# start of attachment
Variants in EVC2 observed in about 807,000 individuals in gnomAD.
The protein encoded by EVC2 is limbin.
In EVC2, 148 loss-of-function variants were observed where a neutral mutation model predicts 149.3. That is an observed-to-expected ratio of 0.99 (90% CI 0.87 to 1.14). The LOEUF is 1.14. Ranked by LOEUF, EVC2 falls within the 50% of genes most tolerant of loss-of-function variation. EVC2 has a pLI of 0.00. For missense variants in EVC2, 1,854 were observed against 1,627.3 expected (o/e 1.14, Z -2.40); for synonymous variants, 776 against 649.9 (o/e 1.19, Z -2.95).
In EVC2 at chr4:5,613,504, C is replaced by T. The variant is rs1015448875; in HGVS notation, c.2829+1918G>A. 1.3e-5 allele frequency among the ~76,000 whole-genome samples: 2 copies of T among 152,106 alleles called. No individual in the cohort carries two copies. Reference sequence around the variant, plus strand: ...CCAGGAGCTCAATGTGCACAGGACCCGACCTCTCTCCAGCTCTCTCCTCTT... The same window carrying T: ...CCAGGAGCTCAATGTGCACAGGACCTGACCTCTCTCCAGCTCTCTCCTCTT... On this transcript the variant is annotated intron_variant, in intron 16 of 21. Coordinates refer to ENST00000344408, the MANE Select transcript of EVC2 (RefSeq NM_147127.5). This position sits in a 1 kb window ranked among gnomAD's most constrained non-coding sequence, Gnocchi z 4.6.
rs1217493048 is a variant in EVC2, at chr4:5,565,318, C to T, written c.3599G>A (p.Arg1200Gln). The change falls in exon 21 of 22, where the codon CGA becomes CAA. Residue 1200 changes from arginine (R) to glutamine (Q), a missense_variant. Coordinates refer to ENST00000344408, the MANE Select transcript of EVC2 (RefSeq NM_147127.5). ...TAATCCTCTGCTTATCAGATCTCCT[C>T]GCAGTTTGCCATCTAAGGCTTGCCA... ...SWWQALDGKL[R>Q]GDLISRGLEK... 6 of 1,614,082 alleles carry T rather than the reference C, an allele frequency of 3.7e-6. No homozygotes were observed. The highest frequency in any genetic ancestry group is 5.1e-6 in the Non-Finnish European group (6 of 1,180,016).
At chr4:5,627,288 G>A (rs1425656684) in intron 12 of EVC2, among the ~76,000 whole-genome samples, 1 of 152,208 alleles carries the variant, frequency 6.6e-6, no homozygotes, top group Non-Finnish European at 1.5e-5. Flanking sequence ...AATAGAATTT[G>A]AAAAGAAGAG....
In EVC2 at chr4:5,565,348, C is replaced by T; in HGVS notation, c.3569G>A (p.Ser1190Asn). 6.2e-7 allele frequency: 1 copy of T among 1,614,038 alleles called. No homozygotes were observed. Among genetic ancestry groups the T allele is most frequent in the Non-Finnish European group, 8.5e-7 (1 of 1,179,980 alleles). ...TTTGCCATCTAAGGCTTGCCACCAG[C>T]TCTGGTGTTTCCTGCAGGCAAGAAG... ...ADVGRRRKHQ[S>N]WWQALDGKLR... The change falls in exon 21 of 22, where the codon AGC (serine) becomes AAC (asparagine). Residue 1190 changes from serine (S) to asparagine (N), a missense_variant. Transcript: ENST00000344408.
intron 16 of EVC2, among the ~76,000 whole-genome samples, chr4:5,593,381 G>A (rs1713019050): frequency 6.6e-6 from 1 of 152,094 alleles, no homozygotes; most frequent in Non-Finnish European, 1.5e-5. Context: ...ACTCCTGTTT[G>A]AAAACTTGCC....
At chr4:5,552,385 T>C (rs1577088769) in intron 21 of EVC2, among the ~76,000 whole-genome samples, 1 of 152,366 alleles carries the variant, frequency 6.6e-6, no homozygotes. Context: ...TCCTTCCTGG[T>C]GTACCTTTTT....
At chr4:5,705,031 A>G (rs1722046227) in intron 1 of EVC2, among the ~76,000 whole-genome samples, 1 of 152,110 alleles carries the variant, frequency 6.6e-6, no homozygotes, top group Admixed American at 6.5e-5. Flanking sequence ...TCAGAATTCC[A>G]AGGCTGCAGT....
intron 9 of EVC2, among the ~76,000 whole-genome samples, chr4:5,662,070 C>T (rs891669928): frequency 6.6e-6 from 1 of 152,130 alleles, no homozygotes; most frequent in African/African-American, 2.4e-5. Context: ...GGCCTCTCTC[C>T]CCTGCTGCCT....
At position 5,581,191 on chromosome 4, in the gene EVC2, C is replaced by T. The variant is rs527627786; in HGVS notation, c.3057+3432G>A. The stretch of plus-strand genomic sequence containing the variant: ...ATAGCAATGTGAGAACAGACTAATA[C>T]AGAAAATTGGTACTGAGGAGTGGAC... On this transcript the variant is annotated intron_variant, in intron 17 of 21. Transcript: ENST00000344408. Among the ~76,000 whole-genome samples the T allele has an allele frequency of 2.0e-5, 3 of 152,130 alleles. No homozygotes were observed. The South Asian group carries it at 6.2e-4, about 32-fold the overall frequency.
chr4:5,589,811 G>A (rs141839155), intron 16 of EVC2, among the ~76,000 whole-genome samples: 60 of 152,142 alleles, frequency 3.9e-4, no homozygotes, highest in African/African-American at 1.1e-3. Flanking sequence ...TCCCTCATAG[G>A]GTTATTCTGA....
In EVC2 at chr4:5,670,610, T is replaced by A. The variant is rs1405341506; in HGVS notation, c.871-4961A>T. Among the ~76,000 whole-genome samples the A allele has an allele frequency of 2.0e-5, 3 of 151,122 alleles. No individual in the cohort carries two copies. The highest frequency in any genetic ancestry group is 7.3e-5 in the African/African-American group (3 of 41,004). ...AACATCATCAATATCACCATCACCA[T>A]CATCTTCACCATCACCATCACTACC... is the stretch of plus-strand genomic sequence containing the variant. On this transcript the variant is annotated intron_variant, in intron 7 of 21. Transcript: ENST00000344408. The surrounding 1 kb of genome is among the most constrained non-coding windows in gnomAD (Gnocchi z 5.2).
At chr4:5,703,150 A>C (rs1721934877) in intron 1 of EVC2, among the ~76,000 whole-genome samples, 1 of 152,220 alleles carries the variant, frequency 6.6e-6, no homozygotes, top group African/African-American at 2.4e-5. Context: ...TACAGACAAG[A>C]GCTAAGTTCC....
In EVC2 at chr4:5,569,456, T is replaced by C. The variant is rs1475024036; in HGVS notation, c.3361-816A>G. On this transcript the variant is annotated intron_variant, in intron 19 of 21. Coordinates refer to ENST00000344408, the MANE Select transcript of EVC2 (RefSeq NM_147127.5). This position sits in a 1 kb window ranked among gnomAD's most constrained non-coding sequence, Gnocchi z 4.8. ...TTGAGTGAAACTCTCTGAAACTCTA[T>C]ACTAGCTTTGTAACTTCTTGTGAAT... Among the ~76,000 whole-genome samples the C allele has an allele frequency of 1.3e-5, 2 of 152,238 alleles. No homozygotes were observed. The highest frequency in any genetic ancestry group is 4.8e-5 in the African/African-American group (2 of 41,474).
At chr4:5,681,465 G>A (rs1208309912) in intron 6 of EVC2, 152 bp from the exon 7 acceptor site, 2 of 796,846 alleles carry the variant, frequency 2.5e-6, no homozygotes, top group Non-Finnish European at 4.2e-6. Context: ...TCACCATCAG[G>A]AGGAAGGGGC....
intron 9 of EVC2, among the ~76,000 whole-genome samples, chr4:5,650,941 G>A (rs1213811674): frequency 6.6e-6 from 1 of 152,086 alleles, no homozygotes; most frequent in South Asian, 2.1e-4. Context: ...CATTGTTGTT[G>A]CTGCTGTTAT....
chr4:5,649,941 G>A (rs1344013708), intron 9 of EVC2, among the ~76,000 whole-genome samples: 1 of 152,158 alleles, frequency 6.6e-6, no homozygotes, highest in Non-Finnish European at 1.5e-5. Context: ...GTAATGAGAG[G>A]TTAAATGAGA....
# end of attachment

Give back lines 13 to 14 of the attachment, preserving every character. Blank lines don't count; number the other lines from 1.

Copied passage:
chr4:5,589,811 G>A (rs141839155), intron 16 of EVC2, among the ~76,000 whole-genome samples: 60 of 152,142 alleles, frequency 3.9e-4, no homozygotes, highest in African/African-American at 1.1e-3. Flanking sequence ...TCCCTCATAG[G>A]GTTATTCTGA....
In EVC2 at chr4:5,670,610, T is replaced by A. The variant is rs1405341506; in HGVS notation, c.871-4961A>T. Among the ~76,000 whole-genome samples the A allele has an allele frequency of 2.0e-5, 3 of 151,122 alleles. No individual in the cohort carries two copies. The highest frequency in any genetic ancestry group is 7.3e-5 in the African/African-American group (3 of 41,004). ...AACATCATCAATATCACCATCACCA[T>A]CATCTTCACCATCACCATCACTACC... is the stretch of plus-strand genomic sequence containing the variant. On this transcript the variant is annotated intron_variant, in intron 7 of 21. Transcript: ENST00000344408. The surrounding 1 kb of genome is among the most constrained non-coding windows in gnomAD (Gnocchi z 5.2).